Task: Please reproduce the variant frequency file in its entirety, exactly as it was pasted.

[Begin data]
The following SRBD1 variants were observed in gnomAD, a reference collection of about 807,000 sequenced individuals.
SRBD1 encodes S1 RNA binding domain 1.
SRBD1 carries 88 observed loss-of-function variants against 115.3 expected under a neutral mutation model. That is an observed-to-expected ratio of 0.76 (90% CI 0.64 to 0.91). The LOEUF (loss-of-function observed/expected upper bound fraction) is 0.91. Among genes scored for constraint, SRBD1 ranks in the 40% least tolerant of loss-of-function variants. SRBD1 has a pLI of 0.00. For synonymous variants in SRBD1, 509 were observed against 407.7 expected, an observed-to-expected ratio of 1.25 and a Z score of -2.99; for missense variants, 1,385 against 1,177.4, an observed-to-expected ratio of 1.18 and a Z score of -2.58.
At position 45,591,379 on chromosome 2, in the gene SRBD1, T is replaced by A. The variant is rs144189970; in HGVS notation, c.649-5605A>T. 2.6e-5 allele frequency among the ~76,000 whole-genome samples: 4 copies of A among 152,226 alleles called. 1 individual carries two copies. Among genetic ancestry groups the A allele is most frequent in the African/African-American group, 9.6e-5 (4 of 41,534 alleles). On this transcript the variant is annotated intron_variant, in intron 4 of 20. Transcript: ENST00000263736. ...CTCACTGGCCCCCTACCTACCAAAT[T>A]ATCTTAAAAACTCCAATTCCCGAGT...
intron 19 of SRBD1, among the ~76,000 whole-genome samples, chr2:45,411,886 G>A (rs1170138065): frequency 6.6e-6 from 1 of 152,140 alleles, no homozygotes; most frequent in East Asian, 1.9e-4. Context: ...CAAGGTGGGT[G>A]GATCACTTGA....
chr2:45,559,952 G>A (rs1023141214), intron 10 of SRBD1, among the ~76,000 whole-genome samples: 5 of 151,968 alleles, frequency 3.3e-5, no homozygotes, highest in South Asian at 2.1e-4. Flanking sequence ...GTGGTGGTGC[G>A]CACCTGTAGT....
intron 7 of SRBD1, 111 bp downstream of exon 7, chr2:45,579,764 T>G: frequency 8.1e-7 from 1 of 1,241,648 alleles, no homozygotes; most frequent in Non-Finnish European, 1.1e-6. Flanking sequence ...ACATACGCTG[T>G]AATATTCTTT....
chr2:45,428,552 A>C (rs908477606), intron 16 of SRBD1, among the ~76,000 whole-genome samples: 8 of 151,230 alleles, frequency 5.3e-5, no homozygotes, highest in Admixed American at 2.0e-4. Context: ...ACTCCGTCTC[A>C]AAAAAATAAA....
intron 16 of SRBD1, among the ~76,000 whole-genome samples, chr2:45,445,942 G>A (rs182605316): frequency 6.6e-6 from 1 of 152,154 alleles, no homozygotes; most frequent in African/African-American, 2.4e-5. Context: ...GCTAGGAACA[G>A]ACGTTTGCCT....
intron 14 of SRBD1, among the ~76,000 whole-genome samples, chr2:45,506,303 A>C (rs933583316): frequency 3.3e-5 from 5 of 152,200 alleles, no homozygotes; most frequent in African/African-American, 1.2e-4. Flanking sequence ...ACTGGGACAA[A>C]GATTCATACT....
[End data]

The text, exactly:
The following SRBD1 variants were observed in gnomAD, a reference collection of about 807,000 sequenced individuals.
SRBD1 encodes S1 RNA binding domain 1.
SRBD1 carries 88 observed loss-of-function variants against 115.3 expected under a neutral mutation model. That is an observed-to-expected ratio of 0.76 (90% CI 0.64 to 0.91). The LOEUF (loss-of-function observed/expected upper bound fraction) is 0.91. Among genes scored for constraint, SRBD1 ranks in the 40% least tolerant of loss-of-function variants. SRBD1 has a pLI of 0.00. For synonymous variants in SRBD1, 509 were observed against 407.7 expected, an observed-to-expected ratio of 1.25 and a Z score of -2.99; for missense variants, 1,385 against 1,177.4, an observed-to-expected ratio of 1.18 and a Z score of -2.58.
At position 45,591,379 on chromosome 2, in the gene SRBD1, T is replaced by A. The variant is rs144189970; in HGVS notation, c.649-5605A>T. 2.6e-5 allele frequency among the ~76,000 whole-genome samples: 4 copies of A among 152,226 alleles called. 1 individual carries two copies. Among genetic ancestry groups the A allele is most frequent in the African/African-American group, 9.6e-5 (4 of 41,534 alleles). On this transcript the variant is annotated intron_variant, in intron 4 of 20. Transcript: ENST00000263736. ...CTCACTGGCCCCCTACCTACCAAAT[T>A]ATCTTAAAAACTCCAATTCCCGAGT...
intron 19 of SRBD1, among the ~76,000 whole-genome samples, chr2:45,411,886 G>A (rs1170138065): frequency 6.6e-6 from 1 of 152,140 alleles, no homozygotes; most frequent in East Asian, 1.9e-4. Context: ...CAAGGTGGGT[G>A]GATCACTTGA....
chr2:45,559,952 G>A (rs1023141214), intron 10 of SRBD1, among the ~76,000 whole-genome samples: 5 of 151,968 alleles, frequency 3.3e-5, no homozygotes, highest in South Asian at 2.1e-4. Flanking sequence ...GTGGTGGTGC[G>A]CACCTGTAGT....
intron 7 of SRBD1, 111 bp downstream of exon 7, chr2:45,579,764 T>G: frequency 8.1e-7 from 1 of 1,241,648 alleles, no homozygotes; most frequent in Non-Finnish European, 1.1e-6. Flanking sequence ...ACATACGCTG[T>G]AATATTCTTT....
chr2:45,428,552 A>C (rs908477606), intron 16 of SRBD1, among the ~76,000 whole-genome samples: 8 of 151,230 alleles, frequency 5.3e-5, no homozygotes, highest in Admixed American at 2.0e-4. Context: ...ACTCCGTCTC[A>C]AAAAAATAAA....
intron 16 of SRBD1, among the ~76,000 whole-genome samples, chr2:45,445,942 G>A (rs182605316): frequency 6.6e-6 from 1 of 152,154 alleles, no homozygotes; most frequent in African/African-American, 2.4e-5. Context: ...GCTAGGAACA[G>A]ACGTTTGCCT....
intron 14 of SRBD1, among the ~76,000 whole-genome samples, chr2:45,506,303 A>C (rs933583316): frequency 3.3e-5 from 5 of 152,200 alleles, no homozygotes; most frequent in African/African-American, 1.2e-4. Flanking sequence ...ACTGGGACAA[A>C]GATTCATACT....